Up at 6a on Friday, I went thru my finger stick to check my BSL (Blood Sugar Level) and recorded it on my Diabetes 2 chart, made coffee, took two 50mg Tramadol and a 300mg Gabapentin for various pains, fired-up the Win-7 Pro x64 Pentium HP desktop to let 32 million lines of code load, had a couple smokes in the sauna bath garage, and checked the day's errands list.

It was already a very warm, very humid 72° morning -- 81° in the garage -- same as yesterday. An afternoon shower and maybe t-storms were forecast for today. I scanned the news and weather sites, and tuned into the. Same old news crap as yesterday. Natch. After tuning into the Chris Stigall Show LIVE, 6-9, I bailed on the garage, and went to the back patio; at least there's a slight breeze there. Hey, it's Summer in the MidAtlantic Region! Quit yer bitching!

I decided not to go to the nearby New Eastern Farmers' Market, just relax with Coffee & Croissants, all morning, after tuning-in the Chris Plante Show LIVE, from 9-12. I went outside to the back patio, and the weather station read 120°, with the morning sun reflecting off of the white siding, so I bailed from there, to the shady, but very hot garage, just to have a smoke. Wow, that place was hot with zero wind or a breeze. High for the day was 92°, with 65% humidity and a Heat Index of 112°, per AccuWeather's website..

"The July 4th Holiday Toll: 25 Holiday Mass Shootings: 25 Killed, 161 Injured, 0 MAGA Hats Recovered". Nice, huh? The feral, knuckle-dragging, ghetto rat boys are responsible for it all. Bounties should be put on all their heads, and be summarily shot. End of problem.

If it moves, tax it. If it keeps moving, regulate it. And if it stops moving, subsidize it.

I left for Dallastown at 12:30p, to pick-up/drop-off stuff at DeVono's Cleaners, and got smacked by a massive, fast moving t-storm, which turned the little town to 11p, for 10-15mins. I made it home by 1:30p, saw the delivery box of Filet Mignons and Ribeyes from Allen Bros Co, on my front porch bench. I opened the dry-ice-packed boxes and stored them in my old top loading 16cuft freezer, in the garage. After putting away the laundry, I had lunch, a pint of Strawberry Häagen Dazs Ice Cream, and took a nap, and just stayed inside for the rest of the day, except for a quick trip to Rite Aid, to get my Combivent Respimat emergency inhaler (mist, not powder). After dinner, t-storms threatened, but gave us no rain. I watched a couple of "Gold Rush" spin-offs: "Hoffman Family Gold" season premiere, and "Mine Rescue: Freddy & Juan", until 11:30p; then unplugged for the night.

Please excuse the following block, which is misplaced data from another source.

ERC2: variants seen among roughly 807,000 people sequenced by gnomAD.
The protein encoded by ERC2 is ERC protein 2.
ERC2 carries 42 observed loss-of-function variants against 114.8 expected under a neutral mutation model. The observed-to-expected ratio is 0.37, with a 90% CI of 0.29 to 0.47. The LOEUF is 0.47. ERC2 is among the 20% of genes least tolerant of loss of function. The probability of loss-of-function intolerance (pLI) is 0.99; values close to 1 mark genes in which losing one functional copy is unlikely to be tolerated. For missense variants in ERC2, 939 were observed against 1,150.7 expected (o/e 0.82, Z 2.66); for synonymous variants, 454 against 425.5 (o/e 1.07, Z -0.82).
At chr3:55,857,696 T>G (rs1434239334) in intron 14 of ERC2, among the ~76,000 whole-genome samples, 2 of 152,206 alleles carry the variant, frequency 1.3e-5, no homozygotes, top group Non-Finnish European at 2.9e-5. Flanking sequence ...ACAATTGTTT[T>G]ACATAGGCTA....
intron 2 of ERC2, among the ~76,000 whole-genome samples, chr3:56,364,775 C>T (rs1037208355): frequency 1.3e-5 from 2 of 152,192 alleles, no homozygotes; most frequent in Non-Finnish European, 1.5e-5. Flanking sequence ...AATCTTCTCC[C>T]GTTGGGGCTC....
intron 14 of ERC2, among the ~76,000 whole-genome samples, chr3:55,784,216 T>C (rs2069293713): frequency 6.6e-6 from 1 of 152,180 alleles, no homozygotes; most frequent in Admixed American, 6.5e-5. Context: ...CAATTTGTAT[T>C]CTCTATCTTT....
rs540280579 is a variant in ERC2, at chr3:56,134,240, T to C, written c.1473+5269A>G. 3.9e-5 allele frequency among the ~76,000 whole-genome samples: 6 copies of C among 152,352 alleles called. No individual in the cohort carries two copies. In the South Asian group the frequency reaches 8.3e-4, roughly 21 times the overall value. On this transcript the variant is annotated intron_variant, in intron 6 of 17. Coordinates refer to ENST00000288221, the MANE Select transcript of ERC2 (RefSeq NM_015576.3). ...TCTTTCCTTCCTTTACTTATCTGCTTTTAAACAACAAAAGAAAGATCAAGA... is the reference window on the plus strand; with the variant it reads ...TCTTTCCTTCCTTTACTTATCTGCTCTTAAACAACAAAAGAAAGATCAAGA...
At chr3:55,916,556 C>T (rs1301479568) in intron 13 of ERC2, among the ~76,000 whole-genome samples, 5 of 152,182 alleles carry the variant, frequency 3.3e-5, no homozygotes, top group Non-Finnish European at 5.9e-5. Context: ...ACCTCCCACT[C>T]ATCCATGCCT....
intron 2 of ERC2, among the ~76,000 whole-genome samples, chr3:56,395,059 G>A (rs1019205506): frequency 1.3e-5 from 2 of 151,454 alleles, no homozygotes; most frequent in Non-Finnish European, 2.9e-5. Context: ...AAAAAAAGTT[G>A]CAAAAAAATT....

Awake and up at 7:30a on Saturday, it was a milky-white overcast sky, humid, very warm 73°, no wind or breeze -- sounds all too familiar -- with a high forecast for today at 98°. Typical Summer here. I made coffee, had a smoke in the garage, fed the squirrels, and listened to some "CP Show" podcasts. I had a buttery Croissant for breakfast, plus lots of coffee. By 9:30, I could see some blue sky interspersed with the overcast clouds, moving north-to-south. And we had a decent breeze, to boot. I scanned the various news and weather sites, and checked the day's "list".

All of Florida is expected to be affected by the "Sahara Air Layer", along with southern swathes of Louisiana, Texas, Mississippi and Alabama, forecasters have warned. BFD. After 3mos of Canadian Wildfire smoke, bring it on, towelheads! Coming your way, Ben!

I had a couple errands to do, and got back around 2p, had lunch and a 2hr snooze on the LR couch. After 2 Sloppy Joes for dinner, I watched "Mystery of Skinwalker Ranch" episodes until 11, switched to "Gutfeld!" and bagged it at 11:30. Gutfeld! sucks; it's gotten worse, not better, or even stayed the same, as I remember. There's a F1 GP Rave from UK, on at 10a, so I'll be watching that, and an IMSA Race from Canada on at 12noon. Lights out.

Up at 6a on Sunday, another overcast, very humid and warm 74° -- just like the past 14+ days -- with *Fair Air Quality*, so I had a smoke in the hot garage while coffee brewed, fed the squirrels, and tried to fully wake-up. I tuned into some of last week's podcasts of the "Chris Stigall Show", and checked the weather and news sites. A massive t-storm was headed our way, from the Southwest, and according to AccuWeather.com, we're to get heavy t-storms all day, and tonite. The F-1 Silverstone Grand Prix is on at 10, so I wanted to get some breakfast and a shower, before that 2hr race.

The F-1 Silverstone British Grand Prix and the IMSA Prototype Sportscar World Endurance Championship (WEC) Race were both good, and I checked the weather radar maps; a serious t-storm rain was headed our way. It hit us around 2:30p, and dropped a good 2"+ on us. Then the lightening and thunder hit close to me. Wowzer! The street gutters and storm drains overflowed, at 1½", and it kept raining. No complaints! The massive stormfront is heading into the northeast, and someone 'upstream' is going to get some serious rain and flooding.

I had a 2hr snooze on the LR couch, made dinner and watched the evening's news. After a short bout of paperwork, and checking the coming week's schedule on my calendar, I watched some old, old episodes of History's "American Pickers", now into the 25th season starting next week, and bagged it at 11:30p.